Voicing a Tech Revolution at Arizona State


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The new program is designed to enhance students’ experience by giving them touch-free access to information and services tailored to campus living. ASU

In what is believed to be the first of a new kind of engineering school-industry partnership, Arizona State University and Amazon are collaborating to bring a voice technology program to ASU engineering students supported by the technology company’s Alexa-enabled devices team.

The institutions share a belief that society is on the brink of an age when advanced voice technology will soon be ubiquitous.

“Voice is the next serious revolution in information technology science,” says Kyle Squires, dean of ASU’s Fulton Schools of Engineering. “[The partnership is] about innovation and ensuring our graduates are equipped to play a leadership role as voice-enabled technology becomes part of everyday life in homes, shopping malls, workplaces and cities.”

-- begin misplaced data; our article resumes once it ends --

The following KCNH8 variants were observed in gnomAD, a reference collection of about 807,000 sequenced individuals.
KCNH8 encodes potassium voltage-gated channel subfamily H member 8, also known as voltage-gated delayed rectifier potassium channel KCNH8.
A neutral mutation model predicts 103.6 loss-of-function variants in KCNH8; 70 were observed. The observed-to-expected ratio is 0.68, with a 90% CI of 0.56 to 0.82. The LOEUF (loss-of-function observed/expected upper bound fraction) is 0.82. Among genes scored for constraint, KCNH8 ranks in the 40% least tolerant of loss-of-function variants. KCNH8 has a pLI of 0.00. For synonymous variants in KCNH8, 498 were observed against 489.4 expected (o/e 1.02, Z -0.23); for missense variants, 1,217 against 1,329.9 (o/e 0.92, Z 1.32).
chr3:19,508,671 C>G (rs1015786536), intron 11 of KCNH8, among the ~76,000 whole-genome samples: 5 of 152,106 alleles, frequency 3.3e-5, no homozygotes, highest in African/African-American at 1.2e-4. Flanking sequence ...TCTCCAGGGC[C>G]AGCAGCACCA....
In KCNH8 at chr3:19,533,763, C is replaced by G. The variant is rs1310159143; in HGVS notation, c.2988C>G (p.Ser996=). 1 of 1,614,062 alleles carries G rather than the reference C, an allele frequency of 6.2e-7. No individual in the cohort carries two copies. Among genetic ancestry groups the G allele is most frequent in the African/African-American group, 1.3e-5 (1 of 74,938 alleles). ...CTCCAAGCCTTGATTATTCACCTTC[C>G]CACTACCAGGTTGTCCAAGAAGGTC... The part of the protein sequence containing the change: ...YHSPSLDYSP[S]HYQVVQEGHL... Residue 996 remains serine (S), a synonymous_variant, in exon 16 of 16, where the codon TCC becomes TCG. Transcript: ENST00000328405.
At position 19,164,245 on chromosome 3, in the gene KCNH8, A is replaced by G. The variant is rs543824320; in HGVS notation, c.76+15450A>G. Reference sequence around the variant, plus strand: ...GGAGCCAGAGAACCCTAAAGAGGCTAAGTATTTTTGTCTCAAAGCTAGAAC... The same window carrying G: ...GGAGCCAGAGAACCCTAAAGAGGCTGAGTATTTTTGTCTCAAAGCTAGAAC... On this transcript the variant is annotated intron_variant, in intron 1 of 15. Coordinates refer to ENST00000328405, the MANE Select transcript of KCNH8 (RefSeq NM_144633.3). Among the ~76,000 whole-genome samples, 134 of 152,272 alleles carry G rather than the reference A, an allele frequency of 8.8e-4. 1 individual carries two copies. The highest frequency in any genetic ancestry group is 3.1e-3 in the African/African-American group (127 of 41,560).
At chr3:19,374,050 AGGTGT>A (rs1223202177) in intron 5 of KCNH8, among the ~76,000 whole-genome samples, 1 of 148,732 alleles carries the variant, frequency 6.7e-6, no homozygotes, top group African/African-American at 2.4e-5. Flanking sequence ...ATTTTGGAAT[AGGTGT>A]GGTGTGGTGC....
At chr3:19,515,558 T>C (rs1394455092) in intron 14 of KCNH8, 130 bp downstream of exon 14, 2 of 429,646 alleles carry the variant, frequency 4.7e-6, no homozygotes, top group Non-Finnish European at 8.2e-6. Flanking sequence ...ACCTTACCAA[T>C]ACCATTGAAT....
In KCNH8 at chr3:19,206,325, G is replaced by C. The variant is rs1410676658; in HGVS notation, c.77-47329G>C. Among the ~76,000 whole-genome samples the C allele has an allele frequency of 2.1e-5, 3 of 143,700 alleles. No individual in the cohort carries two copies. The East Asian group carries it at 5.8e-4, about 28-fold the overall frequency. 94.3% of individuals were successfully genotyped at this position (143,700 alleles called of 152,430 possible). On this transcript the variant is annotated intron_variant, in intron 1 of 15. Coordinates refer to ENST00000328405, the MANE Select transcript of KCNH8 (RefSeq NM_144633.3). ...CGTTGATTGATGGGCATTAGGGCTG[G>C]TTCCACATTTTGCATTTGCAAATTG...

The program is seen as mutually beneficial. The learning prepares students for the workplace as well as offering them opportunities to connect with leading companies in their field where they may want to seek employment.

Bhavik Patel, a mechanical engineering senior and peer mentor at Tooker House, demonstrates use of an Amazon Echo Dot while working on formulas. Image: ASU

“It brings them closer to what it’s going to be like in practice,” says Squires. Furthermore, Alexa-enabled Echo Dot smart speakers, donated to engineering students by Amazon as part of the program, speak straight to the engineering program's mission, says Squires. “[They] merge the living environment with the learning environment."

For companies in fields where there is great demand for engineers, Amazon believes the more the companies are visible on campus, whether in a classroom or involved in a design challenge, the better positioned the company will be to attract the best engineers. Additionally, collaboration with ASU will help Amazon learn how Echo Dots are used to guide the company in determining the best role for Alexa to play in the future of computing as well as how to integrate Alexa into both living spaces and academic life.